KARACHI: Naureen Ahsan earns more than double the average salary in Pakistan, but a school administrator says she has no choice but to homeschool her daughters and delay their London-board certified final exams because she wants to support their education. Can’t afford the expense.
Like most people in the nation of 220 million, Ahsan and her husband, who owns a car servicing business, are facing rising living costs triggered by the government’s devaluation of the currency and removal of subsidies to pave the way for the latest tranche. Struggling to cope. An International Monetary Fund (IMF) bailout is needed to prevent economic collapse.
Pakistan is no stranger to economic woes – this is its fifth IMF bailout since 1997 – but economists say the latest measures, which include higher taxes and fuel costs, are hurting educated professionals. Many say they are cutting down on necessities to make ends meet. “We don’t eat out anymore,” Ahsan said. reuters,
“We don’t buy meat, fish anymore. I have reduced the use of tissue paper and detergent. We don’t see friends, we don’t give gifts. Sometimes, we shout at each other.”
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The government-mandated minimum wage is around 25,000 rupees, but with inflation at a record 31.5% in February, its highest rate in nearly 50 years, many people who earn more than that say their pay doesn’t last the month.
NowSalary, one of Pakistan’s largest fintech firms that allows its 200,000 or so customers to withdraw wages in advance, says transactions grew by more than a fifth each month for the past three months Is.
Abhi CEO Omar Ansari said most people spend two-thirds of their money on groceries after starting to stock up before prices rise again.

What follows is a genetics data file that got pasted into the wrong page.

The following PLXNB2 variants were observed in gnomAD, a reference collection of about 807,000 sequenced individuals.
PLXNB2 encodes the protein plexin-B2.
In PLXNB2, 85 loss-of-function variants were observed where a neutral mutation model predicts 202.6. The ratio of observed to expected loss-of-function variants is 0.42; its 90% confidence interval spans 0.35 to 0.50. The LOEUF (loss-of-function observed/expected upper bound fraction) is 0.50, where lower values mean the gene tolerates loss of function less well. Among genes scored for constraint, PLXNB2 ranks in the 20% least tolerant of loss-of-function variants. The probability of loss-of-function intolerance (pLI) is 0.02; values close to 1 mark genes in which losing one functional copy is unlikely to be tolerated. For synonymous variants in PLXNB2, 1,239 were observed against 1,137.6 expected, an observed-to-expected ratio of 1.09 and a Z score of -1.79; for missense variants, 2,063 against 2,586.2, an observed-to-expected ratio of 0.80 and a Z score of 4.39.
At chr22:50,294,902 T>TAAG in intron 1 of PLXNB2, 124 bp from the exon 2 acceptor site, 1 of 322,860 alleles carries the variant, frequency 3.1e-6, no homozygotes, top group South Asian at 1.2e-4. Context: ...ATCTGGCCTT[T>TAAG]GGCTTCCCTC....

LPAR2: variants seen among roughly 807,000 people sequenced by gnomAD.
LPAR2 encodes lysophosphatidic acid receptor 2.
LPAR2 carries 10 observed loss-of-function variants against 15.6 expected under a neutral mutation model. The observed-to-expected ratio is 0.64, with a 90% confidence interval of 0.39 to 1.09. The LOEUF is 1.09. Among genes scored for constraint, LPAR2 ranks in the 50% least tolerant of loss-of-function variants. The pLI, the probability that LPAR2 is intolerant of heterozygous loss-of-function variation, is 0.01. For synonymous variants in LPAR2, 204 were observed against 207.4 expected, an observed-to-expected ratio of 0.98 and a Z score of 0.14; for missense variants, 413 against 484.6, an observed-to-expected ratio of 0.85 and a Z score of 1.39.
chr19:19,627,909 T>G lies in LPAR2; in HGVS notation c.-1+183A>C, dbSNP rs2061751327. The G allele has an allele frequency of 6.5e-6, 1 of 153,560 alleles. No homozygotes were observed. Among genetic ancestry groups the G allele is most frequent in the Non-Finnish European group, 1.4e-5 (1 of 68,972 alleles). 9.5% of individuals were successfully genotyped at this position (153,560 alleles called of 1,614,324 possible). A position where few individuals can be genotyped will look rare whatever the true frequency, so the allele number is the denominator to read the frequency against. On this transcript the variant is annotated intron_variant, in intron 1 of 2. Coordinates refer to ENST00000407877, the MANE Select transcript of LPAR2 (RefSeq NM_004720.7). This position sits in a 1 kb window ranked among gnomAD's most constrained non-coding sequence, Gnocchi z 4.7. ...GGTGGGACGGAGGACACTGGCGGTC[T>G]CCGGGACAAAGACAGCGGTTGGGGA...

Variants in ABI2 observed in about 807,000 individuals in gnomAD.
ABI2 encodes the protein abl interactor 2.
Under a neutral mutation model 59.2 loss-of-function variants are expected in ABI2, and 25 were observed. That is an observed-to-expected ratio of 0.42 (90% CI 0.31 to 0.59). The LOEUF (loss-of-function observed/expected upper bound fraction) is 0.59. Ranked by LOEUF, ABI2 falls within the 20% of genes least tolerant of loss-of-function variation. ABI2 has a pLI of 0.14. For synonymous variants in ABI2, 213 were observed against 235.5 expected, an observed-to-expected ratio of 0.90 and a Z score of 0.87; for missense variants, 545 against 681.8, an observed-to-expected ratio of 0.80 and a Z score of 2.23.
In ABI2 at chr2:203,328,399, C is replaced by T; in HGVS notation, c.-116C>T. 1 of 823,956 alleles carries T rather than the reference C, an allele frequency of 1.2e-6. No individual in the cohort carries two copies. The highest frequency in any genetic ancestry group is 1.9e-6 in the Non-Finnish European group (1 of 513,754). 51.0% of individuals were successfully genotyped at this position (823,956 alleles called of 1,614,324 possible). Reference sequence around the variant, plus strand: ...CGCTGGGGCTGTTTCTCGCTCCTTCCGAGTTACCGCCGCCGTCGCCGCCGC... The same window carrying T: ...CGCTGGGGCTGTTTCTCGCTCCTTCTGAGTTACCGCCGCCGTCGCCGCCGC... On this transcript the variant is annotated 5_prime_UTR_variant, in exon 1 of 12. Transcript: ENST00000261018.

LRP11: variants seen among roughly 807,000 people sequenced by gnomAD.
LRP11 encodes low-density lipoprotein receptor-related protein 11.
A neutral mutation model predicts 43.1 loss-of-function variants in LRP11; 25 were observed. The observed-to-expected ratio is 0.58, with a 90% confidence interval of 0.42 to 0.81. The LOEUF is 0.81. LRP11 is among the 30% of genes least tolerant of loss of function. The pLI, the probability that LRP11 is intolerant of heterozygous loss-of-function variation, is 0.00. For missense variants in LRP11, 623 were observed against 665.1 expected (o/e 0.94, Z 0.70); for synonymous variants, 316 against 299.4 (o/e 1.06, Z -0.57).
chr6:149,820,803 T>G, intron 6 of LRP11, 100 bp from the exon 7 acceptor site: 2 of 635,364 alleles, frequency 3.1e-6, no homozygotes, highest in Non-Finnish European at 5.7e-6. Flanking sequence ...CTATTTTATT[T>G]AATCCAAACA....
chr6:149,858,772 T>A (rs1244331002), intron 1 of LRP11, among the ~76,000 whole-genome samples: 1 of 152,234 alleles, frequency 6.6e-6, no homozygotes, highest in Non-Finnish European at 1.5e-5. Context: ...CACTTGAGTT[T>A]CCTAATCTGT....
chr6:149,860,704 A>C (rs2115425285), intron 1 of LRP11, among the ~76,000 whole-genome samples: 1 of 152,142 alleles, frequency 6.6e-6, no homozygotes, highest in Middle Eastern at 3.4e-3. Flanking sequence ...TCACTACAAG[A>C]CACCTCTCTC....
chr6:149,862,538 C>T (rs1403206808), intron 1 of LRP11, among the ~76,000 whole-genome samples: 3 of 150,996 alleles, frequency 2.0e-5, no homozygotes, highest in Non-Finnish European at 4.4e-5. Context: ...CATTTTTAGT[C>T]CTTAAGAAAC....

“Unfortunately the poor in Pakistan have nothing left to lose,” said Abid Suleri, from the Pakistan Institute for Sustainable Development Policy, an economic think tank.
“Educated professionals… find their purchasing power and savings low, and daily consumption either unaffordable or out of reach.”
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Ramadan, which began this week, is likely to put pressure on prices in Muslim-majority Pakistan. Analysts expect inflation to rise to at least 35% per month in March and April.
During the holy month, Muslims traditionally break their day-long fast with special foods and large family gatherings, which culminate in the Eid al-Fitr celebration. This year, for many, Ramadan means more belt-tightening. “We are cutting down on the number of meals and meals,” said Ahmad, a senior manager at a multinational company, who declined to name his family because he was worried about a possible backlash from his employer.
“It will be more difficult to buy sweets and gifts for Eid, which is different from our family tradition.” The economic turmoil is driving some professionals out of the country.
Khaliq, a doctor who did not want to give his full name because he was embarrassed by his financial situation, said he and his wife, also a doctor, worked as much as they could to save up for exams to qualify. Let them to work in UK.
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“We think twice about eating out or using a car,” he said, adding that the weak rupee was driving up the cost of his exams, which are in British pounds, rising by the day. “We plan to pass the test and get out as soon as possible.”